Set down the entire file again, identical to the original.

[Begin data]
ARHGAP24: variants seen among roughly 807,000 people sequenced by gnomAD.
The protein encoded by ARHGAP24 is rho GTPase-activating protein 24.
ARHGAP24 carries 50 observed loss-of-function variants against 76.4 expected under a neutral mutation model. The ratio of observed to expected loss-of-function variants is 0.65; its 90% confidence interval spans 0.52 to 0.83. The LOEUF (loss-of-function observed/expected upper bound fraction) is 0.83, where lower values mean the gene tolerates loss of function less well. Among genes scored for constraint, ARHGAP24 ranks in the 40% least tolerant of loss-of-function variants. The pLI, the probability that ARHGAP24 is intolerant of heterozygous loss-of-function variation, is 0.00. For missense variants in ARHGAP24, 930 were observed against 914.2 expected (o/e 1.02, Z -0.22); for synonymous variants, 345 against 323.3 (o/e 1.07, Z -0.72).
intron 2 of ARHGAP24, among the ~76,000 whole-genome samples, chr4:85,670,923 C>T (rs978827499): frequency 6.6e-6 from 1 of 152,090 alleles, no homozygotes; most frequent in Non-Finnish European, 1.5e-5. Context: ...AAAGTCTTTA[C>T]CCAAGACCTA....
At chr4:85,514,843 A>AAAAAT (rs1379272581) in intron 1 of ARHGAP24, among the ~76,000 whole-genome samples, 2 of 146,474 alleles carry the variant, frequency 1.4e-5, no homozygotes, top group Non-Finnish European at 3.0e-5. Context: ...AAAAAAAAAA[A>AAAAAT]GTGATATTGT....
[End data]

ARHGAP24: variants seen among roughly 807,000 people sequenced by gnomAD.
The protein encoded by ARHGAP24 is rho GTPase-activating protein 24.
ARHGAP24 carries 50 observed loss-of-function variants against 76.4 expected under a neutral mutation model. The ratio of observed to expected loss-of-function variants is 0.65; its 90% confidence interval spans 0.52 to 0.83. The LOEUF (loss-of-function observed/expected upper bound fraction) is 0.83, where lower values mean the gene tolerates loss of function less well. Among genes scored for constraint, ARHGAP24 ranks in the 40% least tolerant of loss-of-function variants. The pLI, the probability that ARHGAP24 is intolerant of heterozygous loss-of-function variation, is 0.00. For missense variants in ARHGAP24, 930 were observed against 914.2 expected (o/e 1.02, Z -0.22); for synonymous variants, 345 against 323.3 (o/e 1.07, Z -0.72).
intron 2 of ARHGAP24, among the ~76,000 whole-genome samples, chr4:85,670,923 C>T (rs978827499): frequency 6.6e-6 from 1 of 152,090 alleles, no homozygotes; most frequent in Non-Finnish European, 1.5e-5. Context: ...AAAGTCTTTA[C>T]CCAAGACCTA....
At chr4:85,514,843 A>AAAAAT (rs1379272581) in intron 1 of ARHGAP24, among the ~76,000 whole-genome samples, 2 of 146,474 alleles carry the variant, frequency 1.4e-5, no homozygotes, top group Non-Finnish European at 3.0e-5. Context: ...AAAAAAAAAA[A>AAAAAT]GTGATATTGT....